It’s hard to talk about science. It’s really hard to talk about science outside of the US and Europe. I’m studying for my Master’s in Science Journalism at City University, London and as part of the program, some other graduates and I have started a website dedicated to science in the developing world. Check it out at http://www.science151.co.uk
Author Archives: James Gaines
If you’ve seen the Men in Black movies, you might remember the neuralyzer – the flashy thing the agents use to wipe memories? Well this might make you remember. Researchers at the University of California have just used flashes of light to find new evidence about how the brain stores memories.
What were they looking for?
Dr. Brian Wiltgen and Kazumasa Tanaka – a graduate student – were trying to investigate how the brain stores memories. It’s thought that one specific region of the brain – the hippocampus – is what triggers memory recall.
What did they find?
Their study supported their hypothesis. “Our study demonstrates that memory is retrieved when the hippocampus reinstates patterns of cortical activity that were observed during learning,” said Dr. Wiltgen in an email.
How did they do it?
To do this study, the researchers created genetically modified mice that did two specific things. First, their brain cells would light up like Christmas lights when activated by a memory. Secondly, the scientists could also temporarily de-activate cells.
The researchers then tested their hypothesis. If the mice were stimulated to remember a scary event in their past (in this case, an electric shock) they normally froze and their brain cells would light up. However, if the researchers turned off hippocampus cells, the brain cells never lit up and the mice didn’t freeze.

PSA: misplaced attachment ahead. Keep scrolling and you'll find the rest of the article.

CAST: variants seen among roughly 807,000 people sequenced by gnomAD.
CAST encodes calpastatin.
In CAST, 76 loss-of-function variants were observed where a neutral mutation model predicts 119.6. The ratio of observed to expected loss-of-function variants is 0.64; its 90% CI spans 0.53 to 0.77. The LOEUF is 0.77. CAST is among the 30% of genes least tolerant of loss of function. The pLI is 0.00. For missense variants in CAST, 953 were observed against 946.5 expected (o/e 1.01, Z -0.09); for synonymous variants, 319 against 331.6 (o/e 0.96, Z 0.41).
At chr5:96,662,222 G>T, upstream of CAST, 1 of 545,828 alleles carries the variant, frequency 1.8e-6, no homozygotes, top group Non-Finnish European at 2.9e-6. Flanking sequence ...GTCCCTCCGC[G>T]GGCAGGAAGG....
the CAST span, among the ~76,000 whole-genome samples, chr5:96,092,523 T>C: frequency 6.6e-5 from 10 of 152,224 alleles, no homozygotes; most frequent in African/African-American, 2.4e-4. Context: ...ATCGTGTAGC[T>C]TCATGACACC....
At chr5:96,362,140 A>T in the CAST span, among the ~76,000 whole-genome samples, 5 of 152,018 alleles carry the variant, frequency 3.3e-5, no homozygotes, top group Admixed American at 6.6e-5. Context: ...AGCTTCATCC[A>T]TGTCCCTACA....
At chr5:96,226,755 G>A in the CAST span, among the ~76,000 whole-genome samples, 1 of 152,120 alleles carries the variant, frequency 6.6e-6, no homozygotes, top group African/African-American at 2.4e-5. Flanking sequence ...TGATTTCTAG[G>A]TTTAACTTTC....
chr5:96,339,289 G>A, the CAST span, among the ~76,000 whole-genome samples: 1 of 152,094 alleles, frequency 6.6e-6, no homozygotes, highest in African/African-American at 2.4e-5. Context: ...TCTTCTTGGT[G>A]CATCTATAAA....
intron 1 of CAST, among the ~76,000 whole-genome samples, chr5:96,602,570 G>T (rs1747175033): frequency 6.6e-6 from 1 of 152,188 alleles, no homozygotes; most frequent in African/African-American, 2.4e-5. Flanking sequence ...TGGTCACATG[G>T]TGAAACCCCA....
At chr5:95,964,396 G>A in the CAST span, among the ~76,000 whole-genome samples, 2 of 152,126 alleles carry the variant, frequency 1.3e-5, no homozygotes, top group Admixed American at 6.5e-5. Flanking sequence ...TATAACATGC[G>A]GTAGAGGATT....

It means that the mice didn’t recall that memory.
Not quite. The memory was still there – the brain cells were still there, after all – they just weren’t able to access it. Without the hippocampus to act like a key, the memory was locked away.
What does this mean?
In an email, Dr. Wiltgen said, “The hope is that once we figure out how these processes work we will be better able to understand (and treat) human disorders that affect memory.”
One caveat of this study is that the research was specifically looking at what’s known as episodic memories – memories of people, places, and events. It’s thought that other types of memory – such as skills or languages – might be controlled differently.
Imagine you’re stuck on the African plains at night – would you feel safer with or without the moon? Choose carefully, there are more than just lions out there.
Most people would imagine that moonless nights are safer – after all, lions need to see their prey to catch it, right? The extra light from the moon should make things more dangerous for prey. However, a new study points out a critical flaw in that logic: Wouldn’t the extra light also help the prey as well?
Turns out, each species might decide about that.